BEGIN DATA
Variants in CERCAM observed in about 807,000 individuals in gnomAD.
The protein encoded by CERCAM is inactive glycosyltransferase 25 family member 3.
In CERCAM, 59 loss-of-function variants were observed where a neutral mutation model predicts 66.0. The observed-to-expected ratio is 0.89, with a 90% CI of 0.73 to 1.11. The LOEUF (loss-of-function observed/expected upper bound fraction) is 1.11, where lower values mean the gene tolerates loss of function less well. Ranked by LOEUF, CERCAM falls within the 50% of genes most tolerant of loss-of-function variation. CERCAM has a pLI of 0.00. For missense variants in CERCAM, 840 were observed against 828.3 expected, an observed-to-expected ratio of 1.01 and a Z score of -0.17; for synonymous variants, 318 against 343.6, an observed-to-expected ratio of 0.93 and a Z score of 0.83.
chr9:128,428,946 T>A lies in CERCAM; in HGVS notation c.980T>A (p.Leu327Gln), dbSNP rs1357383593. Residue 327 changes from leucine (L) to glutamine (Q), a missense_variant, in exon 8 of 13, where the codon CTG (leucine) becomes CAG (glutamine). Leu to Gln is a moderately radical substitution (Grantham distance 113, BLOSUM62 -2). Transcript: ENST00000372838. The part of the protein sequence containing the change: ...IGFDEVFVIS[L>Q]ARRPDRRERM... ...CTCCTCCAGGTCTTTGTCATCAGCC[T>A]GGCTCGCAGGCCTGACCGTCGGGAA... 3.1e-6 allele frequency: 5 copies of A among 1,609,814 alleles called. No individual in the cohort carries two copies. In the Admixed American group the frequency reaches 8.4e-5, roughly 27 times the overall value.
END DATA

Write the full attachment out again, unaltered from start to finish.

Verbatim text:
Variants in CERCAM observed in about 807,000 individuals in gnomAD.
The protein encoded by CERCAM is inactive glycosyltransferase 25 family member 3.
In CERCAM, 59 loss-of-function variants were observed where a neutral mutation model predicts 66.0. The observed-to-expected ratio is 0.89, with a 90% CI of 0.73 to 1.11. The LOEUF (loss-of-function observed/expected upper bound fraction) is 1.11, where lower values mean the gene tolerates loss of function less well. Ranked by LOEUF, CERCAM falls within the 50% of genes most tolerant of loss-of-function variation. CERCAM has a pLI of 0.00. For missense variants in CERCAM, 840 were observed against 828.3 expected, an observed-to-expected ratio of 1.01 and a Z score of -0.17; for synonymous variants, 318 against 343.6, an observed-to-expected ratio of 0.93 and a Z score of 0.83.
chr9:128,428,946 T>A lies in CERCAM; in HGVS notation c.980T>A (p.Leu327Gln), dbSNP rs1357383593. Residue 327 changes from leucine (L) to glutamine (Q), a missense_variant, in exon 8 of 13, where the codon CTG (leucine) becomes CAG (glutamine). Leu to Gln is a moderately radical substitution (Grantham distance 113, BLOSUM62 -2). Transcript: ENST00000372838. The part of the protein sequence containing the change: ...IGFDEVFVIS[L>Q]ARRPDRRERM... ...CTCCTCCAGGTCTTTGTCATCAGCC[T>A]GGCTCGCAGGCCTGACCGTCGGGAA... 3.1e-6 allele frequency: 5 copies of A among 1,609,814 alleles called. No individual in the cohort carries two copies. In the Admixed American group the frequency reaches 8.4e-5, roughly 27 times the overall value.